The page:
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Jason Lee

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since Jun 17, 2021
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Recent posts by Jason Lee

I guess if you had the motor laying around and had something to mount it to and could rig up a fuel tank and everything associated with it then that would be an option.  But otherwise you would be miles ahead just buying a generator.  You can get a 2000W generator for only a few bucks more.
1 year ago

Eric Hanson wrote:I agree with your wife that Lithium-Ion batteries are not practical, pragmatic or cost-effective for an off-grid home.  Lithium-ion batteries, despite all the hype, are really niche performers, excelling in applications that require high power and energy densities in a small, light package.  These are just about perfect for laptop computers and power tools.  They would be great for Electric Vehicles if it were not for their high cost and limited charge-discharge cycles.  But a fixed application like a home requires neither a particularly high power or energy density.  Old, heavy, reliable batteries will do just fine.

Perhaps the best type of battery for your particular application is the Lithium Iron Phosphate (LIPO) battery.  These are a far cry from the better known Lithium Ion battery.  LIPO batteries are pretty light, have medium power and energy density, can be fully discharged and have something like 10,000 charge-discharge cycles, making them a long-term battery.  They are not cheap, but they are very reliable and don't have any of the stability (read as flammable and explosive) issues that Lithium-ion batteries do.  Also, standard battery charging electronics generally work just fine with them.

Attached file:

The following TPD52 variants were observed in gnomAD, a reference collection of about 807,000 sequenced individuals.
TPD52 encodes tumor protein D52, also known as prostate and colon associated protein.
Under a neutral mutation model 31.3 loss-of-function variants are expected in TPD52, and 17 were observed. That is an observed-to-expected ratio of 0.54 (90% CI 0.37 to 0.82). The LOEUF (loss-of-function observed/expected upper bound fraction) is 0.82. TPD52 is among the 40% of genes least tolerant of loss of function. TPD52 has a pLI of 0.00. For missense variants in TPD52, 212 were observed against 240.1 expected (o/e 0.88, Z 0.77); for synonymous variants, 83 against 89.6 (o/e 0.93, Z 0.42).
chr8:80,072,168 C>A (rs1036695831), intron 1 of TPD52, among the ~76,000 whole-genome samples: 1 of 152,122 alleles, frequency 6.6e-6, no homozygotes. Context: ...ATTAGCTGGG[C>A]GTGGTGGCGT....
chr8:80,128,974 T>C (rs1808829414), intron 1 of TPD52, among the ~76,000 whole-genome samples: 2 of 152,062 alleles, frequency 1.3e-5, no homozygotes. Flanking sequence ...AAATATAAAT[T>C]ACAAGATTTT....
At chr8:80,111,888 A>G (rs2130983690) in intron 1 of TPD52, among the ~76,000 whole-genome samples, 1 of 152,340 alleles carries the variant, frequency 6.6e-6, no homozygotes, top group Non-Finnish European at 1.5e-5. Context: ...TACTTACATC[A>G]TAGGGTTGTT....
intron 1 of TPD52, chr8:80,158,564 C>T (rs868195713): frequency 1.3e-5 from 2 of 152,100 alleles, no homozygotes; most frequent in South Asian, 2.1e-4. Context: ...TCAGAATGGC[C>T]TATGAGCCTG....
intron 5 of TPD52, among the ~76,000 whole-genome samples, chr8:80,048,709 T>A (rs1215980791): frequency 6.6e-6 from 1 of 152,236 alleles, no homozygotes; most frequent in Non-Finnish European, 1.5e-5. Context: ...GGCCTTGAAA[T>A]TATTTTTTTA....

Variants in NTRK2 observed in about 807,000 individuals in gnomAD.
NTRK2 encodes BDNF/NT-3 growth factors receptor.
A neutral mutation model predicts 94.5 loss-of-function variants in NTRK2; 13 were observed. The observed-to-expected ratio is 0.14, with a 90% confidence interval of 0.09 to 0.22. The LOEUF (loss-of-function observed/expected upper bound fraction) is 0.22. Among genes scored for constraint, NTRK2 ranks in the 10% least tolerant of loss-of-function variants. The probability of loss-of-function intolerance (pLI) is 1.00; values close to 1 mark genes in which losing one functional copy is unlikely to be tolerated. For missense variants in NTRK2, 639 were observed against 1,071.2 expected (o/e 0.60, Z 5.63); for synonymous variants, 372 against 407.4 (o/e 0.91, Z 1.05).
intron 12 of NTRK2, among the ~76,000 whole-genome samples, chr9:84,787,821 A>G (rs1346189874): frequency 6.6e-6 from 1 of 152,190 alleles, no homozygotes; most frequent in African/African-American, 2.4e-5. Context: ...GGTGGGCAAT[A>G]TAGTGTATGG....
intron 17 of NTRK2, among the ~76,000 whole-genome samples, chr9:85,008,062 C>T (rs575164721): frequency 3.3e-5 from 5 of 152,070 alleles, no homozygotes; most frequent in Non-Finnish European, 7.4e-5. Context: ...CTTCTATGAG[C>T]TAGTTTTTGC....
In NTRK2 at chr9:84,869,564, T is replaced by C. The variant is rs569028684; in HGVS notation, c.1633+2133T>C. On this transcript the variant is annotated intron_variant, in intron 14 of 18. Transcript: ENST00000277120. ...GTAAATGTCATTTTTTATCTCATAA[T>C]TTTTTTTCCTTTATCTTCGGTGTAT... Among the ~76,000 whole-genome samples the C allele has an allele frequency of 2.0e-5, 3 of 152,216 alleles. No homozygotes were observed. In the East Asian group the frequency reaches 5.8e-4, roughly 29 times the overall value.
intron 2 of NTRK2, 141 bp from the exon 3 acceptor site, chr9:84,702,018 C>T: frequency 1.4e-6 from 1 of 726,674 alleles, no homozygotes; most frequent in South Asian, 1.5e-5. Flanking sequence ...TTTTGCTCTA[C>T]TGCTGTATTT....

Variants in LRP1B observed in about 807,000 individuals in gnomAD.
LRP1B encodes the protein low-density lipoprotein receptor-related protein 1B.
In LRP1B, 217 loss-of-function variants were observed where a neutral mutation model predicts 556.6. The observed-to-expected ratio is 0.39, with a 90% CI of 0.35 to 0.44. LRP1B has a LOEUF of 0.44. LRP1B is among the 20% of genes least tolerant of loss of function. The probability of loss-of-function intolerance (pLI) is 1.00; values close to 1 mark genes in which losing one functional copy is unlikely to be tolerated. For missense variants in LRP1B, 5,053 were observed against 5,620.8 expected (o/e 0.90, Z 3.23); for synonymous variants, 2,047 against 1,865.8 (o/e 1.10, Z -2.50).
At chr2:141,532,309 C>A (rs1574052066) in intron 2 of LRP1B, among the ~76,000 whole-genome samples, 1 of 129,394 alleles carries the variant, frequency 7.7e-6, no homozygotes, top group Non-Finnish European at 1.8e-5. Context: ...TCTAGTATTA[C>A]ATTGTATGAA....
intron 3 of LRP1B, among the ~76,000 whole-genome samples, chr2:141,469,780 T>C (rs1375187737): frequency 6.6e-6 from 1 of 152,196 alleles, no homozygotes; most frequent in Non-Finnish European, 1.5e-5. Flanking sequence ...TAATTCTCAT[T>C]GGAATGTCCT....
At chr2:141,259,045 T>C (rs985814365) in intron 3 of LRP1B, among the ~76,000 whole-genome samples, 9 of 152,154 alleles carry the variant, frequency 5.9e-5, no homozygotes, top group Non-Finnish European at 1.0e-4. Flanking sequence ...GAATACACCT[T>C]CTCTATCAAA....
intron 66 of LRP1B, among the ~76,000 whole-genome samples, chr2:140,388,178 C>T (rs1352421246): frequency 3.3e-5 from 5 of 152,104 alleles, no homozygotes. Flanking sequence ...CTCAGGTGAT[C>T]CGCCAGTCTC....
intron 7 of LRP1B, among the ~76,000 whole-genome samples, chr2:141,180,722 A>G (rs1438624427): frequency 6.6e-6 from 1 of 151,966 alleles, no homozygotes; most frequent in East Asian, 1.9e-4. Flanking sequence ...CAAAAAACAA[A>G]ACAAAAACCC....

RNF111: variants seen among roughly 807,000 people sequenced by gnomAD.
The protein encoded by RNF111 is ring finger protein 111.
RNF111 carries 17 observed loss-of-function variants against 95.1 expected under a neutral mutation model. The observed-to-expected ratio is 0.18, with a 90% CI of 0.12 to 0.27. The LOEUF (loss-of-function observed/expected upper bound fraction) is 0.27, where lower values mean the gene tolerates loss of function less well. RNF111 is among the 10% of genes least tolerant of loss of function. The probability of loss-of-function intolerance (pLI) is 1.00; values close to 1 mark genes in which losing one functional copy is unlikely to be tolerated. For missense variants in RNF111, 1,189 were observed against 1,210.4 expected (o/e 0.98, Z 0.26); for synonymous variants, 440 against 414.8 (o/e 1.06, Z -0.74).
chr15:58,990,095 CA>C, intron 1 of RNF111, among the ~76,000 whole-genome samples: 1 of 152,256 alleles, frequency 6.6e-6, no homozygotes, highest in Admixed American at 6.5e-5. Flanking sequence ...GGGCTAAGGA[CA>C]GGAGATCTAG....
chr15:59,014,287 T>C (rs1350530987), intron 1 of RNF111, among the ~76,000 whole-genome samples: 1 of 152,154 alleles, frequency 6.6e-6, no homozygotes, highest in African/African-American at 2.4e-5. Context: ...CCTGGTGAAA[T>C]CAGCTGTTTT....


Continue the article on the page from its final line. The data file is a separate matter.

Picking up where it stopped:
I am glad to see someone understanding the distinction between Lithium Ion and Lithium Iron Phosphate!  Most people have no clue.

However, Lithium Iron Phosphate (LiFePO4) is abbreviated LFP not LIPO.  LIPO is lithium polymer and is a VERY different animal.  LFP is the one you want for off grid energy storage.  I am selling tons of them to RV, boat, and golf cart owners in addition to off-grid solar applications.
1 year ago
It can be very difficult to find someone that is good with off grid solar.  Almost everyone you find online is going to be a grid-tied solar installer, which is a completely different beast.

I have a company called JRL Solar in the DFW area that does off grid solar only.  I have done several RV's and numerous off grid solar installations.  I am getting ready to do a big one for a guy for his well pump on his rural retreat.  I don't travel very far but if you want some help or advice, I'm happy to help.